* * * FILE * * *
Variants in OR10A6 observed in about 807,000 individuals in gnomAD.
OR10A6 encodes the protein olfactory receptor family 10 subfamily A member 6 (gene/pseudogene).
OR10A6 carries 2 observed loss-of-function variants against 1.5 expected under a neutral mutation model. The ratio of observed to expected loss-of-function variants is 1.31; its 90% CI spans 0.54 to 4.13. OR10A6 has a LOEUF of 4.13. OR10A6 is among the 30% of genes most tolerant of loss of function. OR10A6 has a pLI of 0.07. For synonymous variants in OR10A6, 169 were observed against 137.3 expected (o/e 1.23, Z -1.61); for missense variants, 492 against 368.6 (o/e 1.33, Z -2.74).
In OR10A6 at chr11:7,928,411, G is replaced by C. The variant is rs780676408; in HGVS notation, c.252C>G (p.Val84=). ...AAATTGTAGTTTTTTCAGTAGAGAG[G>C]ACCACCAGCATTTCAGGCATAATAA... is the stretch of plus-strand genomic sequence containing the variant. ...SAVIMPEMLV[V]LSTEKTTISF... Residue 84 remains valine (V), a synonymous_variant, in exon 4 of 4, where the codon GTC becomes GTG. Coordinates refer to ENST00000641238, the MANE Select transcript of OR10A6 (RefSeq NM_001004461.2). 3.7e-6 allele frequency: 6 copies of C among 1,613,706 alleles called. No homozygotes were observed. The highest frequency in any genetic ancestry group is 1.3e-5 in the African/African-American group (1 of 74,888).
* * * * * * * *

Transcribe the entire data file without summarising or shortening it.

Variants in OR10A6 observed in about 807,000 individuals in gnomAD.
OR10A6 encodes the protein olfactory receptor family 10 subfamily A member 6 (gene/pseudogene).
OR10A6 carries 2 observed loss-of-function variants against 1.5 expected under a neutral mutation model. The ratio of observed to expected loss-of-function variants is 1.31; its 90% CI spans 0.54 to 4.13. OR10A6 has a LOEUF of 4.13. OR10A6 is among the 30% of genes most tolerant of loss of function. OR10A6 has a pLI of 0.07. For synonymous variants in OR10A6, 169 were observed against 137.3 expected (o/e 1.23, Z -1.61); for missense variants, 492 against 368.6 (o/e 1.33, Z -2.74).
In OR10A6 at chr11:7,928,411, G is replaced by C. The variant is rs780676408; in HGVS notation, c.252C>G (p.Val84=). ...AAATTGTAGTTTTTTCAGTAGAGAG[G>C]ACCACCAGCATTTCAGGCATAATAA... is the stretch of plus-strand genomic sequence containing the variant. ...SAVIMPEMLV[V]LSTEKTTISF... Residue 84 remains valine (V), a synonymous_variant, in exon 4 of 4, where the codon GTC becomes GTG. Coordinates refer to ENST00000641238, the MANE Select transcript of OR10A6 (RefSeq NM_001004461.2). 3.7e-6 allele frequency: 6 copies of C among 1,613,706 alleles called. No homozygotes were observed. The highest frequency in any genetic ancestry group is 1.3e-5 in the African/African-American group (1 of 74,888).